Rupert Goodwins' Diary

Monday 12/08/2002One of my very evil pals -- you know, the sort that wilfully snatch the bread from the mouths of record producers and film executives -- reports that more and more ISPs are disconnecting users who trade MP3s. "I don't know what mine thinks of it," said pal muttered, "but my line's been solid in both directions for two weeks now.

Monday 12/08/2002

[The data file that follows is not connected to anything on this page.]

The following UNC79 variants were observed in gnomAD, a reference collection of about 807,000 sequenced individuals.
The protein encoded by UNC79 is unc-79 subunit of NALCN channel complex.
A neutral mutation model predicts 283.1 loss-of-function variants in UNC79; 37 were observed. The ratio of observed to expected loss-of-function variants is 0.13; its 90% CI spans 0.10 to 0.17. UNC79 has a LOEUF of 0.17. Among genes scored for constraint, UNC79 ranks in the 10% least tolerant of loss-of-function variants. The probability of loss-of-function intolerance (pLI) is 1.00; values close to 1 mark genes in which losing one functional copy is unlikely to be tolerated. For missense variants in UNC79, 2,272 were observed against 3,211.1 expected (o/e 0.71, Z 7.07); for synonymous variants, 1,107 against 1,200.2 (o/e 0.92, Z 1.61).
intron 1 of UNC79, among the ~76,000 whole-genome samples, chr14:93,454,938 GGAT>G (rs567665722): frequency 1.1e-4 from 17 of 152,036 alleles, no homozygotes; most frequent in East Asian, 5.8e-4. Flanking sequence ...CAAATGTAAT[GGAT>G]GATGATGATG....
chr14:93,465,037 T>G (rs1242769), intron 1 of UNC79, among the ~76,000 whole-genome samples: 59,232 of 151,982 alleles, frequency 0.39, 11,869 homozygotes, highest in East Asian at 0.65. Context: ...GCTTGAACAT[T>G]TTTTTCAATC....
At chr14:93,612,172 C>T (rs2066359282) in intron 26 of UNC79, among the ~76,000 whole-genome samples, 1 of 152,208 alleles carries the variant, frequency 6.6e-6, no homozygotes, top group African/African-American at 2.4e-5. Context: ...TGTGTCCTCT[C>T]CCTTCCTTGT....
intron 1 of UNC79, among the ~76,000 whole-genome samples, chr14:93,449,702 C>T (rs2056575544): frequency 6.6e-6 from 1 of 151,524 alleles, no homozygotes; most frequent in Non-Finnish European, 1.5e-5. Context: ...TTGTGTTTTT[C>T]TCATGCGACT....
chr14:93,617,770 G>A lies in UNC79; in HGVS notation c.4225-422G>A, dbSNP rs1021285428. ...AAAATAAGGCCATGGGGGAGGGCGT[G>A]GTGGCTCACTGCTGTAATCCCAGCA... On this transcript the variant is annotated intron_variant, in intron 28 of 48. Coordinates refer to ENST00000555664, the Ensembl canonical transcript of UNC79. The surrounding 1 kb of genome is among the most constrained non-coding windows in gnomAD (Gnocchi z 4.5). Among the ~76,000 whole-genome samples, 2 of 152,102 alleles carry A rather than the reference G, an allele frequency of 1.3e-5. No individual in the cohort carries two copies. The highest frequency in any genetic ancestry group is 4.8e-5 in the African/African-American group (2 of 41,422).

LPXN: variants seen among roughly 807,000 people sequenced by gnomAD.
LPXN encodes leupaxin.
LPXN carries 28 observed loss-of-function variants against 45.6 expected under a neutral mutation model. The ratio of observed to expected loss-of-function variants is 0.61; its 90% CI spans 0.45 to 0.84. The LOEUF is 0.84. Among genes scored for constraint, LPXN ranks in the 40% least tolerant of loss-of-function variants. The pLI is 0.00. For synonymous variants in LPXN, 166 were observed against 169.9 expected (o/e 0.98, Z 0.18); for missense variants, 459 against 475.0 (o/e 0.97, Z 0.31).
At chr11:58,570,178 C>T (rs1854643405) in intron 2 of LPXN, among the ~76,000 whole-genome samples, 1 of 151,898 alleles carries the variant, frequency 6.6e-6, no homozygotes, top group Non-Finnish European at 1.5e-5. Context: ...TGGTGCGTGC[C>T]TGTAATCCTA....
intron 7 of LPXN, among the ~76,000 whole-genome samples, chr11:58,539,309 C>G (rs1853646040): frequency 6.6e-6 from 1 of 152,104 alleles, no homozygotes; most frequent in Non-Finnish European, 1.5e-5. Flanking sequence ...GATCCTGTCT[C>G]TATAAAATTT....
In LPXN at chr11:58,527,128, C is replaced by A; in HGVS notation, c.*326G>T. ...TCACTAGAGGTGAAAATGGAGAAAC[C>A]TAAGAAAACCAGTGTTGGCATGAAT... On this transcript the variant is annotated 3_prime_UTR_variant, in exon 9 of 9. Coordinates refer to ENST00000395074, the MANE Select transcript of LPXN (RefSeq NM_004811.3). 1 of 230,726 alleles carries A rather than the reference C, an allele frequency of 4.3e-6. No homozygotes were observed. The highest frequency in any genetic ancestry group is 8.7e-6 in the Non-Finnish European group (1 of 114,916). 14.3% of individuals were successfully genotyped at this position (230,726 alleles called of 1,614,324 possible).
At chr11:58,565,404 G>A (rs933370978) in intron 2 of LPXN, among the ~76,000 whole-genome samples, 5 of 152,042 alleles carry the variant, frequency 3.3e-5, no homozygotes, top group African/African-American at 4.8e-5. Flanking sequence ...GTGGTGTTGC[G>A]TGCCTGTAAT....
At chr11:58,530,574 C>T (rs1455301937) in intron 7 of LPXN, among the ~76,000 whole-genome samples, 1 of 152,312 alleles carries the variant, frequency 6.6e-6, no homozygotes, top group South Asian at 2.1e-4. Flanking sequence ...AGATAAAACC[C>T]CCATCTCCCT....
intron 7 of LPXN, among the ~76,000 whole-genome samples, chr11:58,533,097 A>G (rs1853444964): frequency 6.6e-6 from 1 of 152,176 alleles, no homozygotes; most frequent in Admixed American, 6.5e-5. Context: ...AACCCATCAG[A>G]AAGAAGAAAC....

One of my very evil pals -- you know, the sort that wilfully snatch the bread from the mouths of record producers and film executives -- reports that more and more ISPs are disconnecting users who trade MP3s. "I don't know what mine thinks of it," said pal muttered, "but my line's been solid in both directions for two weeks now." It's a dilemma. The ISPs know full well that MP3s and DIVX movies are one of the biggest attractions to get people onto broadband, and telling users not to do it will be as popular as a pub where drunkenness is not tolerated. On the other hand, it is illegal and the various industry associations are just a short step away from demanding the death penalty for anyone found in possession of a sound or video file longer than three seconds in length. What should the ISPs do? I think the answer's clear enough. A modest licence fee to the media companies that kicks in once the broadband suppliers become profitable will cover the true cost to them of the unsold CDs and DVDs (as has been pointed out, if the losses were anything like as big as the companies claimed, they'd have enormous holes in their balance sheets. They don't.). That way, it can all be legal and above board, and the ISPs can carry on selling a service the punters dearly want. Too simple to be attractive, of course.

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